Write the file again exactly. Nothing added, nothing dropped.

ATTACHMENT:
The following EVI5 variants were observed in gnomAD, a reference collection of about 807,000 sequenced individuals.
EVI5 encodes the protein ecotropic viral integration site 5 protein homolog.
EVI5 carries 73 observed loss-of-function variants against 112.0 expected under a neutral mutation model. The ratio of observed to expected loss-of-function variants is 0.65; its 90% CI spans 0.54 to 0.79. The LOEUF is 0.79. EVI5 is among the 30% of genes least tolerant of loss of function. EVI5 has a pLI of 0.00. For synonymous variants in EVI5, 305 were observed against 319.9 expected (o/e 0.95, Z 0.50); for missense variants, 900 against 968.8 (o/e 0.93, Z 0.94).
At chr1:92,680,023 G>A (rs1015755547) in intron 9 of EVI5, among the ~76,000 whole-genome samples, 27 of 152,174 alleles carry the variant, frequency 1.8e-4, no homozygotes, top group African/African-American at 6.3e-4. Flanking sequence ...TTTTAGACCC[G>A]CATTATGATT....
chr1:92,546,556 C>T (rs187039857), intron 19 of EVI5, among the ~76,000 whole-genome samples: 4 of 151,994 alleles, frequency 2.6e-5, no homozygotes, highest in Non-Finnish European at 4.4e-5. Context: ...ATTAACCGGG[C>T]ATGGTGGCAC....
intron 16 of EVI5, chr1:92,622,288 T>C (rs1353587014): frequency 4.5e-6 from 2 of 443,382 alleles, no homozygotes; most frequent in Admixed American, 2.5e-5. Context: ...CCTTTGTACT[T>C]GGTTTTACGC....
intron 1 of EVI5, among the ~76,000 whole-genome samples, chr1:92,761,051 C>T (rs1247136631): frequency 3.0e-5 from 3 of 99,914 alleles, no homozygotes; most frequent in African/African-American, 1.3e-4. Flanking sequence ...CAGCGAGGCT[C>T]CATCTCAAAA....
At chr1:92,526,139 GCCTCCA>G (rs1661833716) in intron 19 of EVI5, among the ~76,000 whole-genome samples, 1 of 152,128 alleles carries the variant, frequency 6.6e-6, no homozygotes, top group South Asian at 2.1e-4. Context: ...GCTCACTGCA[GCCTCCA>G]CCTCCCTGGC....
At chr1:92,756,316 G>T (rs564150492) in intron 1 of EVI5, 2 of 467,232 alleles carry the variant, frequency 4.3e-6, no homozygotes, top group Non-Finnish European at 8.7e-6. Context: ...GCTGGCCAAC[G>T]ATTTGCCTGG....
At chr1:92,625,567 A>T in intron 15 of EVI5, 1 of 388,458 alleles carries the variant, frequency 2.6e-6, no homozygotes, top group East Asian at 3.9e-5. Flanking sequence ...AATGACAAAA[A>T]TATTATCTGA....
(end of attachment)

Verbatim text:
The following EVI5 variants were observed in gnomAD, a reference collection of about 807,000 sequenced individuals.
EVI5 encodes the protein ecotropic viral integration site 5 protein homolog.
EVI5 carries 73 observed loss-of-function variants against 112.0 expected under a neutral mutation model. The ratio of observed to expected loss-of-function variants is 0.65; its 90% CI spans 0.54 to 0.79. The LOEUF is 0.79. EVI5 is among the 30% of genes least tolerant of loss of function. EVI5 has a pLI of 0.00. For synonymous variants in EVI5, 305 were observed against 319.9 expected (o/e 0.95, Z 0.50); for missense variants, 900 against 968.8 (o/e 0.93, Z 0.94).
At chr1:92,680,023 G>A (rs1015755547) in intron 9 of EVI5, among the ~76,000 whole-genome samples, 27 of 152,174 alleles carry the variant, frequency 1.8e-4, no homozygotes, top group African/African-American at 6.3e-4. Flanking sequence ...TTTTAGACCC[G>A]CATTATGATT....
chr1:92,546,556 C>T (rs187039857), intron 19 of EVI5, among the ~76,000 whole-genome samples: 4 of 151,994 alleles, frequency 2.6e-5, no homozygotes, highest in Non-Finnish European at 4.4e-5. Context: ...ATTAACCGGG[C>T]ATGGTGGCAC....
intron 16 of EVI5, chr1:92,622,288 T>C (rs1353587014): frequency 4.5e-6 from 2 of 443,382 alleles, no homozygotes; most frequent in Admixed American, 2.5e-5. Context: ...CCTTTGTACT[T>C]GGTTTTACGC....
intron 1 of EVI5, among the ~76,000 whole-genome samples, chr1:92,761,051 C>T (rs1247136631): frequency 3.0e-5 from 3 of 99,914 alleles, no homozygotes; most frequent in African/African-American, 1.3e-4. Flanking sequence ...CAGCGAGGCT[C>T]CATCTCAAAA....
At chr1:92,526,139 GCCTCCA>G (rs1661833716) in intron 19 of EVI5, among the ~76,000 whole-genome samples, 1 of 152,128 alleles carries the variant, frequency 6.6e-6, no homozygotes, top group South Asian at 2.1e-4. Context: ...GCTCACTGCA[GCCTCCA>G]CCTCCCTGGC....
At chr1:92,756,316 G>T (rs564150492) in intron 1 of EVI5, 2 of 467,232 alleles carry the variant, frequency 4.3e-6, no homozygotes, top group Non-Finnish European at 8.7e-6. Context: ...GCTGGCCAAC[G>T]ATTTGCCTGG....
At chr1:92,625,567 A>T in intron 15 of EVI5, 1 of 388,458 alleles carries the variant, frequency 2.6e-6, no homozygotes, top group East Asian at 3.9e-5. Flanking sequence ...AATGACAAAA[A>T]TATTATCTGA....